But the article also asks a fundamental question: “No amount of alcohol is good for you, that much is clear. But one can reasonably ask: How much is bad for you? The information we receive about health risks often glosses over the specifics of a person’s actual risk, as if they were not details worth knowing”. And part of the answer lies in the words of Tim Stockwell, a scientist at the Canadian Institute for Substance Use Research and, explains the article in “The New York Times”, among the most influential names in the new Canadian guidelines, and once among the proponents of the benefits of moderate wine consumption, before changing his mind after reviewing some of the studies on the subject. “Stockwell”, writes Susan Dominus, “illustrated to me the risks for a woman of my age: if I indulged in, say, six drinks a week, she said, I increased my risk of dying in my lifetime from alcohol-related causes by 10 times, compared with someone who drank only one or two drinks a week. This jump seemed worrisome until Stockwell put it in context. If I consumed six drinks a week, my risk of dying from an alcohol-related cause was still, from any perspective, low on average: only 1%. And if my all-cause mortality risk was quite low - Stockwell assured me that at age 53 it was - then any additional risk would clearly be very low”. And again, reasoning by statistical averages, to be taken for what they are because by the scientist’s own admission it is impossible to determine numerically the impact of alcohol consumption on an individual person, Stockwell argues that drinking one to two drinks a week equals one week less of life, a loss of longevity that would rise to two and a half months if seven alcoholic drinks a week are drunk, while those who get up to five drinks a day would lose more than two years of life. There is also no shortage of considerations on the issue of individual versus collective risks, which, however, mixes the public health harms (and burdens) not only from alcohol-related diseases, but also from violent behavior, accidents, and so on, associated, however, with abuse, and not with consumption tout court.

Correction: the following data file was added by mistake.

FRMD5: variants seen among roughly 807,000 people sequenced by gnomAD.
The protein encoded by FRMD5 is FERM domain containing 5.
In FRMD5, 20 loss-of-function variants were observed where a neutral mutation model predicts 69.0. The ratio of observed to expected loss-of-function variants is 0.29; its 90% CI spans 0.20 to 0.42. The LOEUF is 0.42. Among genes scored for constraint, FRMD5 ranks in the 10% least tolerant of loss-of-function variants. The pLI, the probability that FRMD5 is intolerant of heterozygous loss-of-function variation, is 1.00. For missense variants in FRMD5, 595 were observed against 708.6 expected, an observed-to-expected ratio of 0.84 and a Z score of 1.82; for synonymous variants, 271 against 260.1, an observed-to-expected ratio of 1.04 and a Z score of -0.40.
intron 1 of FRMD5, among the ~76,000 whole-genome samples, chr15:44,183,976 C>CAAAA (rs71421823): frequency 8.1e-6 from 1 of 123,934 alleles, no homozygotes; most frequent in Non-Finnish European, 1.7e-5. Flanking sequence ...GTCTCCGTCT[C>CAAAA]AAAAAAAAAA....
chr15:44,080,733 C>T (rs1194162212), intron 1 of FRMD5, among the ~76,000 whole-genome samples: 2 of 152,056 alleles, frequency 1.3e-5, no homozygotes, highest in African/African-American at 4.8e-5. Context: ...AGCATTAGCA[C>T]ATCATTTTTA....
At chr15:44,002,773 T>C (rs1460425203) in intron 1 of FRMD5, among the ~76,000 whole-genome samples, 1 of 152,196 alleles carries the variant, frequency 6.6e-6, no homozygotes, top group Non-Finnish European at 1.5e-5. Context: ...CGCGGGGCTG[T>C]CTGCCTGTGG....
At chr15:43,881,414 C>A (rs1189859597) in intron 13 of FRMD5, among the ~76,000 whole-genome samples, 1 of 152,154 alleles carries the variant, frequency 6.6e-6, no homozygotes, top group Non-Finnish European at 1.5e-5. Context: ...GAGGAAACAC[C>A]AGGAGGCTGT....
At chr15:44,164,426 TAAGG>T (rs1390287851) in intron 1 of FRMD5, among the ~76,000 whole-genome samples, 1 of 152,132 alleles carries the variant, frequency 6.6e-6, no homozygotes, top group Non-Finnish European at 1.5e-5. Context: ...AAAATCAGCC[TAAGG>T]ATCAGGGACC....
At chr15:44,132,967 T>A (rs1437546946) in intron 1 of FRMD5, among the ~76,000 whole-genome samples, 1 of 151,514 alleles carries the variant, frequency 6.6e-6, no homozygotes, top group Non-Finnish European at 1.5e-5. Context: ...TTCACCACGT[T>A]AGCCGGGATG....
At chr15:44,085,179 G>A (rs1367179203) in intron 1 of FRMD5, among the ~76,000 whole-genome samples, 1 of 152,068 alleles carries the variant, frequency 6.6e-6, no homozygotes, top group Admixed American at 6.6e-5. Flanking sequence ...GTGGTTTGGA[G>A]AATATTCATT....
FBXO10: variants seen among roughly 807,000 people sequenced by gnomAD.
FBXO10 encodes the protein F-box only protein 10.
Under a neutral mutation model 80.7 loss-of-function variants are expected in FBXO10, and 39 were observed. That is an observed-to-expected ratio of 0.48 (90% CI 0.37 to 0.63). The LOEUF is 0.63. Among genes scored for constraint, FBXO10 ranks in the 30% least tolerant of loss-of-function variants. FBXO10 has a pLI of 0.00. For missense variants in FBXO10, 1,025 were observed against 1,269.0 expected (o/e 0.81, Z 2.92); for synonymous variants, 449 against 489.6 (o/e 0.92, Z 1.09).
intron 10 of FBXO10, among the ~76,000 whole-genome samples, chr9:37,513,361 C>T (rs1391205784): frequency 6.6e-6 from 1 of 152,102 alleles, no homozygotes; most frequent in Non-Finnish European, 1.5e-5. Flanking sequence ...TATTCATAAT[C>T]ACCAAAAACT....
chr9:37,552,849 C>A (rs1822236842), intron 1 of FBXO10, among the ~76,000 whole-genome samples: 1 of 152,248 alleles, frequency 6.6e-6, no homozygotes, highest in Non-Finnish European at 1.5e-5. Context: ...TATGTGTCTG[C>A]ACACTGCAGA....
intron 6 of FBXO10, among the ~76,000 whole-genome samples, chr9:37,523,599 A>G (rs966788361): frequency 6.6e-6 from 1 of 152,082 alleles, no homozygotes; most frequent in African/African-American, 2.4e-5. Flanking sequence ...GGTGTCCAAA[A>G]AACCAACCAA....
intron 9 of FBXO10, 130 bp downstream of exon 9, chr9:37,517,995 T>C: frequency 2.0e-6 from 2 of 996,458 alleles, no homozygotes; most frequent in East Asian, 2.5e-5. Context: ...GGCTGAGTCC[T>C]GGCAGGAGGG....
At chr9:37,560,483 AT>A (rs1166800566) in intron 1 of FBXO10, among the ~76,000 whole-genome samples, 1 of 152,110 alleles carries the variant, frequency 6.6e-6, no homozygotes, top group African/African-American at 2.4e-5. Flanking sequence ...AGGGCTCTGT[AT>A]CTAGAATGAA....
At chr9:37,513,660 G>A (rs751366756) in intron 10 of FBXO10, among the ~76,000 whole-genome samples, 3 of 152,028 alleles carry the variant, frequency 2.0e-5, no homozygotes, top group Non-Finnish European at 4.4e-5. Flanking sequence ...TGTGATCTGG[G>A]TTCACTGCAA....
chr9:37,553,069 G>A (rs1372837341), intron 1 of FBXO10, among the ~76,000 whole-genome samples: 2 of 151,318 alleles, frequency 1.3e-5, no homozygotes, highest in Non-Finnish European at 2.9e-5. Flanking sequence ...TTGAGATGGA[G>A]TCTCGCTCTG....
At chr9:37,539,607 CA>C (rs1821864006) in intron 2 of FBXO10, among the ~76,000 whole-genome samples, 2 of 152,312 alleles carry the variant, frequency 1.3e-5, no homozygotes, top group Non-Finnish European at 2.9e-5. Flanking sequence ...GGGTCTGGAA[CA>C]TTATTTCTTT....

An important article, however, in an important newspaper, which takes a good picture of the change taking place in attitudes toward alcohol and drinking. With an increasingly “Manichean” division, as is the case in many aspects of life, and as is also evident from user comments to the article on Facebook. Among those who call alcohol, without half words, poison (“poison”), those who say they will never have another drink, those who say they will never give up their favorite drink, those who still point out that there are so many studies that, instead, support the goodness, for health, of moderate drinking, those who point out that, to hurt health, there are so many other factors such as stress, traffic, smog and so on, today less in the spotlight.